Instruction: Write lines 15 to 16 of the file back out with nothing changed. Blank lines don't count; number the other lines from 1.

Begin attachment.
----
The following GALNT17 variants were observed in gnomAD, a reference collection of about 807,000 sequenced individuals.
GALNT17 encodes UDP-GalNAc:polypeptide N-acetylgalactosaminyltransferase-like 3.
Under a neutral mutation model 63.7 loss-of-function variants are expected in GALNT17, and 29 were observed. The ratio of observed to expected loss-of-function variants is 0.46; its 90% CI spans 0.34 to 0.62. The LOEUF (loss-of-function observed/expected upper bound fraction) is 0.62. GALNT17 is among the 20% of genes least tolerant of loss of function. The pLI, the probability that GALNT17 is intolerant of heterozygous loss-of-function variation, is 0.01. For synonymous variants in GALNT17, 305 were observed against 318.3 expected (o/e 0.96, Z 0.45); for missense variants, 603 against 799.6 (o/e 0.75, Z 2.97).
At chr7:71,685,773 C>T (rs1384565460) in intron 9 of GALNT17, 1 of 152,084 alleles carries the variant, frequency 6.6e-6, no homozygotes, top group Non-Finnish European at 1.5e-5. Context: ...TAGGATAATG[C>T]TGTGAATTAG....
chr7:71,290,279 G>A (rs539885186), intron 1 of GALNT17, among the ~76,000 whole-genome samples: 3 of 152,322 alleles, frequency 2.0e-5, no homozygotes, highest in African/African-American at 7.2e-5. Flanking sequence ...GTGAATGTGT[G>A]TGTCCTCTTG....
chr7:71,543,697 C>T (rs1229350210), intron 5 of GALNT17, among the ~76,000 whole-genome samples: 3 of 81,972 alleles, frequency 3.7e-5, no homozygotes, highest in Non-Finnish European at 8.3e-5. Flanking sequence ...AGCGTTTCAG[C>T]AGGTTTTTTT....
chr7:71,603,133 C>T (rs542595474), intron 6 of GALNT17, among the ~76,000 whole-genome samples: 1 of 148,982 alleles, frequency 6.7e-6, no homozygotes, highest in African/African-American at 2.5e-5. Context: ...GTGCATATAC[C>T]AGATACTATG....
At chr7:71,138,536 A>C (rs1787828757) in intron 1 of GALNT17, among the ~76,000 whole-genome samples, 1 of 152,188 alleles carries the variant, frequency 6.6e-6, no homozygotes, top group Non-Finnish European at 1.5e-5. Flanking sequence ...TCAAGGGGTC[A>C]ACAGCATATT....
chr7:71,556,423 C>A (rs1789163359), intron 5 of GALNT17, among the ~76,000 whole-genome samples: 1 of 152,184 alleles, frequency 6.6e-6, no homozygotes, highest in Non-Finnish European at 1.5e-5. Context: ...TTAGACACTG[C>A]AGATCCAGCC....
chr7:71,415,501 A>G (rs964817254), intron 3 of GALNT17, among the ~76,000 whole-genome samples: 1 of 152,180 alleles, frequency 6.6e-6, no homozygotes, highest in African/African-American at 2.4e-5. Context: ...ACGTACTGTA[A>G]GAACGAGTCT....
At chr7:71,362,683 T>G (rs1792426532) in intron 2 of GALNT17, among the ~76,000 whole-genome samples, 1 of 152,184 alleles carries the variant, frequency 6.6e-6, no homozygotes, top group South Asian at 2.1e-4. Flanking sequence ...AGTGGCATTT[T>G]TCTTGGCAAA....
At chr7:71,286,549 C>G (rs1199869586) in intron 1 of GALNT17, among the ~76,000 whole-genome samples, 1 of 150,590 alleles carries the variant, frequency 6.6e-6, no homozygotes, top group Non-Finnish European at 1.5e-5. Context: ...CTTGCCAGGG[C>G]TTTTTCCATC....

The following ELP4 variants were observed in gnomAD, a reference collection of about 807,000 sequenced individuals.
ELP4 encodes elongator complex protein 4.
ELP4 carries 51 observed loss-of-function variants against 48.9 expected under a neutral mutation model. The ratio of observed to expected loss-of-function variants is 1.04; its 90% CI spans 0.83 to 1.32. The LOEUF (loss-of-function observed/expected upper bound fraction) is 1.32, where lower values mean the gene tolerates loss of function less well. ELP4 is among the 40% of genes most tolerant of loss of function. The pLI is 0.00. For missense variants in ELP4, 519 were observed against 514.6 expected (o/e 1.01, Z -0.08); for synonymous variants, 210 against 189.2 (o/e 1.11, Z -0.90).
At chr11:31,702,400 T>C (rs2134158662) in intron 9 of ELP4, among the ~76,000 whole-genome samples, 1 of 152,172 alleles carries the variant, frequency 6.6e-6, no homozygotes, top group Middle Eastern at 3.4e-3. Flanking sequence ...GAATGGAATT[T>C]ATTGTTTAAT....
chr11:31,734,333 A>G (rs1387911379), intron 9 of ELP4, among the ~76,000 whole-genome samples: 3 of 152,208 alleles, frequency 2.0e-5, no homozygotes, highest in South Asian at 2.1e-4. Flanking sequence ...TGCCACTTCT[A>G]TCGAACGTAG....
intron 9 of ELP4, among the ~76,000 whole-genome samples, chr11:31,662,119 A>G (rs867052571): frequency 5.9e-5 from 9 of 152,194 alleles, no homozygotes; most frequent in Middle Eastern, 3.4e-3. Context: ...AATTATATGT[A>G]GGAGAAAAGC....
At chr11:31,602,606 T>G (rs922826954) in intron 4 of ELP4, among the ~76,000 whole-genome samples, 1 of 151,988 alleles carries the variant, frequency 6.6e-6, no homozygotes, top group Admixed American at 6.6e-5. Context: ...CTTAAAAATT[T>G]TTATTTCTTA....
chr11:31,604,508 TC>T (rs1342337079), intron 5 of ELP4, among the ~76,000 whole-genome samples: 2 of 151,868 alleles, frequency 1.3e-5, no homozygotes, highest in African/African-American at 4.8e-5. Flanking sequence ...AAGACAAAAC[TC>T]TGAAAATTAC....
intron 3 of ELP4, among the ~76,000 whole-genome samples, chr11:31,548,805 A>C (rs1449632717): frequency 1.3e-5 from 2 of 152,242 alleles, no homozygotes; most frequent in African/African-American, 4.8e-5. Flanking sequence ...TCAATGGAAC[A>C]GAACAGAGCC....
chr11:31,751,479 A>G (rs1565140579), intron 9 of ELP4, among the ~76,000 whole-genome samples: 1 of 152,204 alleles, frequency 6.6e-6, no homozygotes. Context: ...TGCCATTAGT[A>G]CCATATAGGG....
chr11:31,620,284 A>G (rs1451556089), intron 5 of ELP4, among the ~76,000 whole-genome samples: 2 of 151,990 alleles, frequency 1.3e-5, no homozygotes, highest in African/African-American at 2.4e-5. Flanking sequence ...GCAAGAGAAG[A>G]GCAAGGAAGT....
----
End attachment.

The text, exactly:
ELP4 carries 51 observed loss-of-function variants against 48.9 expected under a neutral mutation model. The ratio of observed to expected loss-of-function variants is 1.04; its 90% CI spans 0.83 to 1.32. The LOEUF (loss-of-function observed/expected upper bound fraction) is 1.32, where lower values mean the gene tolerates loss of function less well. ELP4 is among the 40% of genes most tolerant of loss of function. The pLI is 0.00. For missense variants in ELP4, 519 were observed against 514.6 expected (o/e 1.01, Z -0.08); for synonymous variants, 210 against 189.2 (o/e 1.11, Z -0.90).
At chr11:31,702,400 T>C (rs2134158662) in intron 9 of ELP4, among the ~76,000 whole-genome samples, 1 of 152,172 alleles carries the variant, frequency 6.6e-6, no homozygotes, top group Middle Eastern at 3.4e-3. Flanking sequence ...GAATGGAATT[T>C]ATTGTTTAAT....